Praxair Stock Fundamentals

Sales have been hit over the last few quarters as almost the entire commodities sector suffers from lower prices. Praxair is a key supplier to energy and metals mining, providing gases used in drilling injection and refinery operations. Operating income has fallen slightly faster because some costs, mostly administration, are more fixed than others.

Operating costs should start coming down on the company’s restructuring that will trim staff by 5% and cut expenses by an estimated $75 million starting in the fourth quarter. Revenue has been hit by weaker foreign currencies as well, especially in emerging markets.

Praxair is more heavily leveraged than other competitors. The company carries more than $9.2 billion of debt on its balance sheet for nearly two-thirds its capital structure. This shouldn’t be a problem though and Praxair just recently received an A-rating for $750 million in debt.

Against the weaker sales environment, Praxair has been able to protect cash flow by cutting capital expenditures slightly. The company still spends more than $1.6 billion a year in capital investment but has managed to stabilize free cash flow.

Praxair Dividend and Growth

Despite the weak environment for shares, Praxair has maintained its dividend growth. The shares pay a 2.8% yield above the 2.2% average over the last five years. The dividend payout ratio has increased to 54% against a five-year average of 44% so some slowdown in dividend growth could be expected if industry fundamentals don’t turn around.

Praxair has grown the dividend in-line with earnings at a compound rate of 19% over the last 22 years and management intends to keep the pace going. Capital expenditures have been cut to protect cash flow and keep returning cash to investors.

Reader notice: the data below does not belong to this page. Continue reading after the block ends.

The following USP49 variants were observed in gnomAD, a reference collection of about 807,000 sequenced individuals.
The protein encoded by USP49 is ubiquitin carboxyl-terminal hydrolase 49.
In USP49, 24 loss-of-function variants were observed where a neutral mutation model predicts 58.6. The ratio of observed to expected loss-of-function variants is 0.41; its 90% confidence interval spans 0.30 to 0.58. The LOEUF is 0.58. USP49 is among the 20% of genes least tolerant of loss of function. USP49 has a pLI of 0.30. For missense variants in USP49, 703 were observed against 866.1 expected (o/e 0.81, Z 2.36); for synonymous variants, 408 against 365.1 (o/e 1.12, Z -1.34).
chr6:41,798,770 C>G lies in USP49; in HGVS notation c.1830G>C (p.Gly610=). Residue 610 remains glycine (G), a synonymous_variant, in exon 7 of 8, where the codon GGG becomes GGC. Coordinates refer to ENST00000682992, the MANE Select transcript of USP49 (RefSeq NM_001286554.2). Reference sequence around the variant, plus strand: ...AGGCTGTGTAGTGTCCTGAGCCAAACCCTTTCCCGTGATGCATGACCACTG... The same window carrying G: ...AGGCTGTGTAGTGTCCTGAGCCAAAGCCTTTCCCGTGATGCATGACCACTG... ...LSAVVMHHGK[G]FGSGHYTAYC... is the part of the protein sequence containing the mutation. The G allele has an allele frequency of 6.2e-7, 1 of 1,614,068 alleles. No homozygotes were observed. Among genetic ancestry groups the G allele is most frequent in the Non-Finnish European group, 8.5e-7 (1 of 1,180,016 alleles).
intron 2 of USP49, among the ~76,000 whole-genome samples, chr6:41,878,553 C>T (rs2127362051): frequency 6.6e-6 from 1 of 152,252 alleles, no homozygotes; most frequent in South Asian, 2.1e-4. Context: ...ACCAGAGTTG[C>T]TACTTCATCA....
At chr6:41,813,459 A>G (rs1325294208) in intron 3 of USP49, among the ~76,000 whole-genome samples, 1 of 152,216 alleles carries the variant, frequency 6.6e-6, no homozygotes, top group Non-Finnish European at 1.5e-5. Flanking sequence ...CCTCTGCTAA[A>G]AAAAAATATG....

Praxair has always been an aggressive buyer of its own shares and has stepped up its repurchase program over the last year. The company repurchased $862 million in shares in the last fiscal

How to Pick Dividend Stocks with a Time Machine

If you’re like me, you spend a fair amount of time thinking about the stocks that got away. Those times in the market when you wish you had the foresight to buy into a sector or even into a specific stock. The times when all the economic data and analysis was right there in front of you but you just didn’t put it together.

In short, you wish you had a time machine.

Ok, so it does not good to sit around and regret past decisions. The best you can do is learn from them and be a better investor for it. Don’t beat yourself up over the past. That’s what I would normally say but it turns out you may now have the opportunity to do a little time travel investing!

Charge the Flux Capacitor and Set the Way-Back Machine

Remember back in September 2012, when the Federal Open Market Committee (FOMC) announced its third round of quantitative easing? The economy had been rebounding for a few years but at a very slow pace and wage growth was still nonexistent.

The Fed had provided two earlier programs, ending in 2010 and 2011, that had helped but more still needed to be done. We won’t go into the details of how the Fed buys bonds with money that is then pumped into the economy. The demand for bonds pushes rates down and credit becomes cheaper, hopefully jumpstarting the economy.